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Righting the wrong

AT&T National
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NEWTOWN SQUARE, Pa. – Right scores, wrong course.

That’s what U.S. Golf Association executive director Mike Davis must have been thinking as he watched the action unfold at Aronimink Golf Club – a measured slug-fest where par has not succumbed to the inflationary realities of the modern game and hitting fairways matters.

It’s a dramatic contrast to Congressional and this year’s U.S. Open – an event some say was an Open in name only.

Contrasting weather conditions, of course, dictate most of what transpired at Congressional – where Rory McIlroy mowed down century’s old scoring records, to say nothing of a stunned field – and on Thursday at Aronimink.

At Congressional hot and dry preceded a predictably wet week, the nuclear option for set-up types, while PGA Tour officials enjoyed the preferred opposite, rain in the weeks leading up to the AT&T National and cloudless sunshine this week.

On Tuesday defending AT&T National champion Justin Rose tweeted, “It could be more U.S. Open [than] the U.S. Open was,” and on Thursday the Englishman’s sage predictions played out perfectly.

The Round 1 scoring average at Aronimink was 71.499, 1.499 strokes over par; well ahead of Sunday’s average at TPC Pincushion . . . eh, make that Congressional (71.444 average, .444 over par).

Twenty-eight players posted sub-par scores on Thursday at the AT&T National, compared to 32 on Sunday at Congressional, a collection that included McIlroy’s silly 69 to complete his Open march.

“This course is set up like a U.S. Open,” said Joe Ogilvie, whose 3-under 67 wedged him into a tie for third place. “The fairways are a little bit wider, but it’s definitely playing very similar . . . except for this year’s U.S. Open.”

Tour officials got the weather the USGA was hoping for, but to hear the rank-and-file make the obvious comparisons on Thursday it’s impossible not to think that maybe AT&T National got the golf course the blue blazers wanted as well.

“This golf course is a lot firmer (than Congressional),” said Robert Garrigus, whose opening 68 is two strokes off the pace set by Adam Scott and Hunter Haas.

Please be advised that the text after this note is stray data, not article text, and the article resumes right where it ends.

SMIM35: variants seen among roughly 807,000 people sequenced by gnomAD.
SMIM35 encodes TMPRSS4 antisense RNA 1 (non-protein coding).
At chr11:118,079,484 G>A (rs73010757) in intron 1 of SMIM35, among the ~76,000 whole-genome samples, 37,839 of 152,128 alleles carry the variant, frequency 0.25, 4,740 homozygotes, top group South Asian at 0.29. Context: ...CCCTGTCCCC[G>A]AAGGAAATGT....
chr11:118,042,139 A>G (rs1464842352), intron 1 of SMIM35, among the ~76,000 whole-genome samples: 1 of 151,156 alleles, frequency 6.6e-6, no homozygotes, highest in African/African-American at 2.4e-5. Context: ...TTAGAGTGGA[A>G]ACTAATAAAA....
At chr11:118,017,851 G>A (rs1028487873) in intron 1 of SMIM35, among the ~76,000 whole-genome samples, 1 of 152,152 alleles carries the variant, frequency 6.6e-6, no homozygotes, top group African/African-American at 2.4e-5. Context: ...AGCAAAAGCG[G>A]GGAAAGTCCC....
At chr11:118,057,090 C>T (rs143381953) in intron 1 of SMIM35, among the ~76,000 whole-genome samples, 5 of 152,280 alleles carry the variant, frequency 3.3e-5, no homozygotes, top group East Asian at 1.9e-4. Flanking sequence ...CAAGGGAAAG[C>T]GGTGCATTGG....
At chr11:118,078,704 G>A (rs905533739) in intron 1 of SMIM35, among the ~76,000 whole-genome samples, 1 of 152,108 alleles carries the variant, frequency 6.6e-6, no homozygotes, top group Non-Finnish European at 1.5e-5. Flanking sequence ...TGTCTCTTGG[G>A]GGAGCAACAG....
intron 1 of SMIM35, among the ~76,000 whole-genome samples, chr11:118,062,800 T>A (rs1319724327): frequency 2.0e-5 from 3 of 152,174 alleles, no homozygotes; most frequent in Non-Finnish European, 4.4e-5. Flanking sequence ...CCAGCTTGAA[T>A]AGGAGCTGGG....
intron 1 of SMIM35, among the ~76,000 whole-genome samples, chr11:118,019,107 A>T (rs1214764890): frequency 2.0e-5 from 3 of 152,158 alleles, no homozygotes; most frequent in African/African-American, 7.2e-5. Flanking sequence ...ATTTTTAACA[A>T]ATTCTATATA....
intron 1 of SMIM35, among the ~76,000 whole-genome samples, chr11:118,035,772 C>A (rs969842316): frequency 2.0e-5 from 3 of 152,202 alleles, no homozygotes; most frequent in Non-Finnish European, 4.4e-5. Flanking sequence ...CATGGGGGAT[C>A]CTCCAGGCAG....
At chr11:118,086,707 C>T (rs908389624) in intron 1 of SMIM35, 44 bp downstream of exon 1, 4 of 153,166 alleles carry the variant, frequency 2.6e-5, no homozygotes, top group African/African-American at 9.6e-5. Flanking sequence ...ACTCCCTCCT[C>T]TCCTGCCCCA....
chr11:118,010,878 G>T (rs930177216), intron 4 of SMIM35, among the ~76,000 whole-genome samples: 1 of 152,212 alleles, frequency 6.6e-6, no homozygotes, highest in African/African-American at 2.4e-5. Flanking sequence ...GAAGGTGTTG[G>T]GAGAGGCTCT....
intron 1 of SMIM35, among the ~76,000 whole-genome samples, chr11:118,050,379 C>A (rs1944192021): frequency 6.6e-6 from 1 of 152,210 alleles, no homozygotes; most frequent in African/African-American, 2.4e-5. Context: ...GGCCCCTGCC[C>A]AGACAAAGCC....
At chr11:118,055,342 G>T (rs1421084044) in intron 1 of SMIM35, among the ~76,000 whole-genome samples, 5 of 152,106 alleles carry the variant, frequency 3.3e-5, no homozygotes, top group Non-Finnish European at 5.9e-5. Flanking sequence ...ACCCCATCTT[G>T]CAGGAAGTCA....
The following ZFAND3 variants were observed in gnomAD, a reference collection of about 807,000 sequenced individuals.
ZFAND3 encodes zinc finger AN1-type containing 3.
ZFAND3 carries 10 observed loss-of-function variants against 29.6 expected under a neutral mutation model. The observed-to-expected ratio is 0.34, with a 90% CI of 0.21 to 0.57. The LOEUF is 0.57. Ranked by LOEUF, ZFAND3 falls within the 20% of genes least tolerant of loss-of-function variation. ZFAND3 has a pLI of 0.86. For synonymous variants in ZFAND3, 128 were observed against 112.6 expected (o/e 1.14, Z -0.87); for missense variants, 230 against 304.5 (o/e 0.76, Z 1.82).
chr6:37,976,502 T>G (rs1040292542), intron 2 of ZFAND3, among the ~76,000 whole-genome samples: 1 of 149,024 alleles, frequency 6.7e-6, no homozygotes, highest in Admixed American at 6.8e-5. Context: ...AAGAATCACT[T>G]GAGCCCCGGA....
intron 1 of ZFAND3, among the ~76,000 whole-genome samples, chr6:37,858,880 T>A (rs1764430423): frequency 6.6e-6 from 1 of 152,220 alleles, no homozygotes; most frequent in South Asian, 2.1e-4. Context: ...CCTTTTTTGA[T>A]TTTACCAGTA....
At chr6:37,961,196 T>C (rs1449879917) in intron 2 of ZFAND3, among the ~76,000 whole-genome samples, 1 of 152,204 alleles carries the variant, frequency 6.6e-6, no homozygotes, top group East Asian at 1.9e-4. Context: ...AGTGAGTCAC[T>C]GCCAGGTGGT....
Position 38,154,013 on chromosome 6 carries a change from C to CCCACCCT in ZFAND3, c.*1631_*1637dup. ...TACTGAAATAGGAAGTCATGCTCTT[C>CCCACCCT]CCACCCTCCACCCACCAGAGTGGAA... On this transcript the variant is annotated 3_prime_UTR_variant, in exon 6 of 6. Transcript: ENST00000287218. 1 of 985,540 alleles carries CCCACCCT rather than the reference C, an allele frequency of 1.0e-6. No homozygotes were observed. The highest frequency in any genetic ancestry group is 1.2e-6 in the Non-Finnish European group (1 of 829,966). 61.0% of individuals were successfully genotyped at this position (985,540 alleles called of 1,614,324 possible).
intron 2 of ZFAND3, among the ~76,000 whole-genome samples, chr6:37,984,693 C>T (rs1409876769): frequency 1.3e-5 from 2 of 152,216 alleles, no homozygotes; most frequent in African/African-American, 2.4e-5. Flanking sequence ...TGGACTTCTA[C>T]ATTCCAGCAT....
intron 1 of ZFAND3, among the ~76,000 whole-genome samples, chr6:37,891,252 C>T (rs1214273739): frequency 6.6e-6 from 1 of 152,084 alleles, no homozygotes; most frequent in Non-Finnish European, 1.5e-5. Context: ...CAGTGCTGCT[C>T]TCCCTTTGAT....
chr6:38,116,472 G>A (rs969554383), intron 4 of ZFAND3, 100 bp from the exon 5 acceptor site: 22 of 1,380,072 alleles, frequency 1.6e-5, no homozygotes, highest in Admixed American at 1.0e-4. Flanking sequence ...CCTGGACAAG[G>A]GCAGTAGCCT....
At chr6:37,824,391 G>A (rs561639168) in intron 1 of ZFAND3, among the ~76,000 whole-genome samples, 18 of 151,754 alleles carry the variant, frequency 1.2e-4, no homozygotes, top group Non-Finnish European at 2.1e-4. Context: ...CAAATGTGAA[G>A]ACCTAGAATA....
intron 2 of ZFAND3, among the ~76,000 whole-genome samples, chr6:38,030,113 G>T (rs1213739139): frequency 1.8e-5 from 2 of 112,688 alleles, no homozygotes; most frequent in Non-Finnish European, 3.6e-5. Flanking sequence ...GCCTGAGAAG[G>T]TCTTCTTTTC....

“The rough is thicker and the greens are firmer and I don’t think double digits (under par) is going to win this week. I think right around 10 under par will get it done this week.”

Garrigus, who tied for third at Congressional for co-low American honors, lets that statement linger in the air for a moment before adding, “We’re going to have fun at Olympic next year.”

The Olympic Club is scheduled to host next year’s national championship and caddie yard wisdom suggests that Davis and the USGA will want to prove that they haven’t gone soft when they set up the 2012 venue. But that’s a different column, and a much different golf course.

Similarly, Aronimink is being viewed much differently, perhaps even as a more worthy Grand Slam test, than Congressional. It’s a fact that likely explains why Kerry Haigh, the PGA of America’s top set-up man, was lurking about the Donald Ross gem on Thursday.

Aronimink hasn’t hosted a regular men’s major since the 1962 PGA Championship, and has been the site of just two USGA championships (’97 U.S. Junior and ’77 U.S. Amateur) in its 115-year history. The U.S. Open will be played at nearby Merion in 2013 so it doesn’t seem likely the USGA would come calling. But the PGA hasn’t held “Glory’s Last Shot” in the Philadelphia area since that ’62 championship.

Considering how Aronimink has held up to the modern game, not to mention the inevitable comparisons to Congressional, it might be time to weave the layout back into the Grand Slam fold.

AT&T National moves back down Interstate-95 to Washington, D.C., next year, leaving Philly fans golf-less, again. It’s a curious injustice considering the size of the market and the potential quality of a venue like Aronimink.

“Even if I wasn’t a member here it’s probably as good as it gets as far as what we play on Tour,” Sean O’Hair said. “It’s one of the top 5 courses we play all year.”

Tour officials got the conditions, and maybe even the course, the USGA wanted. Now it’s time for Aronimink to get the major it deserves.